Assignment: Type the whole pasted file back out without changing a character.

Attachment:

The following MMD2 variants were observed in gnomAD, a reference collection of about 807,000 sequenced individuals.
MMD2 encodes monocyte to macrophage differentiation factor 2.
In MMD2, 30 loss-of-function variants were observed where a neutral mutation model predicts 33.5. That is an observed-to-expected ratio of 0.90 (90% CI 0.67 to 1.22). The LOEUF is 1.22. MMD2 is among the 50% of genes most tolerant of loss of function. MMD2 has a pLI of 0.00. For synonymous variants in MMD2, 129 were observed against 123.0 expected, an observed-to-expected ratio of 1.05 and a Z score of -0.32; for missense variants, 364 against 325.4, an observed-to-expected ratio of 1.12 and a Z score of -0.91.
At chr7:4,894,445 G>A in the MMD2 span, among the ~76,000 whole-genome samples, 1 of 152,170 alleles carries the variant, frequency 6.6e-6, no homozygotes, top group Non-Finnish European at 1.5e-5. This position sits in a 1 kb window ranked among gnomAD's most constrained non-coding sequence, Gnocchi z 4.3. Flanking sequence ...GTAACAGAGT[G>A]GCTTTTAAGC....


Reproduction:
The following MMD2 variants were observed in gnomAD, a reference collection of about 807,000 sequenced individuals.
MMD2 encodes monocyte to macrophage differentiation factor 2.
In MMD2, 30 loss-of-function variants were observed where a neutral mutation model predicts 33.5. That is an observed-to-expected ratio of 0.90 (90% CI 0.67 to 1.22). The LOEUF is 1.22. MMD2 is among the 50% of genes most tolerant of loss of function. MMD2 has a pLI of 0.00. For synonymous variants in MMD2, 129 were observed against 123.0 expected, an observed-to-expected ratio of 1.05 and a Z score of -0.32; for missense variants, 364 against 325.4, an observed-to-expected ratio of 1.12 and a Z score of -0.91.
At chr7:4,894,445 G>A in the MMD2 span, among the ~76,000 whole-genome samples, 1 of 152,170 alleles carries the variant, frequency 6.6e-6, no homozygotes, top group Non-Finnish European at 1.5e-5. This position sits in a 1 kb window ranked among gnomAD's most constrained non-coding sequence, Gnocchi z 4.3. Flanking sequence ...GTAACAGAGT[G>A]GCTTTTAAGC....